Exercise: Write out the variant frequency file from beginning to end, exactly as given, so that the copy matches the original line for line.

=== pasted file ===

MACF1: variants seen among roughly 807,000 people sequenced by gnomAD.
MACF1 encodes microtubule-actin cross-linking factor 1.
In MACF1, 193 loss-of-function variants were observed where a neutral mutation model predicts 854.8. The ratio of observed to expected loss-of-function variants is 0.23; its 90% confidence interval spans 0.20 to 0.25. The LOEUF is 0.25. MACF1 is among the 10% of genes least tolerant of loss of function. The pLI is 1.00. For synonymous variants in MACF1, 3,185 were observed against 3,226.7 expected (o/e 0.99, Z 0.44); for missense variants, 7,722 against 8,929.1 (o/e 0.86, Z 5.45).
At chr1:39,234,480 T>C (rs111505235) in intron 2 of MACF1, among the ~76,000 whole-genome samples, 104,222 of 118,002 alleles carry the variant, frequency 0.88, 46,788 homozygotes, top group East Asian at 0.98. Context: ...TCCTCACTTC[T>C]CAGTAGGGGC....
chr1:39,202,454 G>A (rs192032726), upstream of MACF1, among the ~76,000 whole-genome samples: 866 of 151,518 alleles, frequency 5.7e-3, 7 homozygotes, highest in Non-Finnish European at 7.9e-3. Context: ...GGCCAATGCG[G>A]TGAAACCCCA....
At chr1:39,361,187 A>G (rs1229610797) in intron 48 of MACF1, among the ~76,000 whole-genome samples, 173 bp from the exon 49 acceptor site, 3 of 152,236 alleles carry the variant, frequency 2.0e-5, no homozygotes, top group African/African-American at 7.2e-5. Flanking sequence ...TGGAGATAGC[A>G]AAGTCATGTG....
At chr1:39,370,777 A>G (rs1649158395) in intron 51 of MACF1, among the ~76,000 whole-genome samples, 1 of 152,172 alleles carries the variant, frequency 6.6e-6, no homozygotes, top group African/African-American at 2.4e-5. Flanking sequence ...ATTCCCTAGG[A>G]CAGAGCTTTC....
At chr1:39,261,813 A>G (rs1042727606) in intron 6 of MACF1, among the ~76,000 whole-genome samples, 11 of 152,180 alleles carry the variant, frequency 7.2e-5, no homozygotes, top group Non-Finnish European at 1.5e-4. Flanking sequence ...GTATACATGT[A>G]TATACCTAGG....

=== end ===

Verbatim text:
MACF1: variants seen among roughly 807,000 people sequenced by gnomAD.
MACF1 encodes microtubule-actin cross-linking factor 1.
In MACF1, 193 loss-of-function variants were observed where a neutral mutation model predicts 854.8. The ratio of observed to expected loss-of-function variants is 0.23; its 90% confidence interval spans 0.20 to 0.25. The LOEUF is 0.25. MACF1 is among the 10% of genes least tolerant of loss of function. The pLI is 1.00. For synonymous variants in MACF1, 3,185 were observed against 3,226.7 expected (o/e 0.99, Z 0.44); for missense variants, 7,722 against 8,929.1 (o/e 0.86, Z 5.45).
At chr1:39,234,480 T>C (rs111505235) in intron 2 of MACF1, among the ~76,000 whole-genome samples, 104,222 of 118,002 alleles carry the variant, frequency 0.88, 46,788 homozygotes, top group East Asian at 0.98. Context: ...TCCTCACTTC[T>C]CAGTAGGGGC....
chr1:39,202,454 G>A (rs192032726), upstream of MACF1, among the ~76,000 whole-genome samples: 866 of 151,518 alleles, frequency 5.7e-3, 7 homozygotes, highest in Non-Finnish European at 7.9e-3. Context: ...GGCCAATGCG[G>A]TGAAACCCCA....
At chr1:39,361,187 A>G (rs1229610797) in intron 48 of MACF1, among the ~76,000 whole-genome samples, 173 bp from the exon 49 acceptor site, 3 of 152,236 alleles carry the variant, frequency 2.0e-5, no homozygotes, top group African/African-American at 7.2e-5. Flanking sequence ...TGGAGATAGC[A>G]AAGTCATGTG....
At chr1:39,370,777 A>G (rs1649158395) in intron 51 of MACF1, among the ~76,000 whole-genome samples, 1 of 152,172 alleles carries the variant, frequency 6.6e-6, no homozygotes, top group African/African-American at 2.4e-5. Flanking sequence ...ATTCCCTAGG[A>G]CAGAGCTTTC....
At chr1:39,261,813 A>G (rs1042727606) in intron 6 of MACF1, among the ~76,000 whole-genome samples, 11 of 152,180 alleles carry the variant, frequency 7.2e-5, no homozygotes, top group Non-Finnish European at 1.5e-4. Flanking sequence ...GTATACATGT[A>G]TATACCTAGG....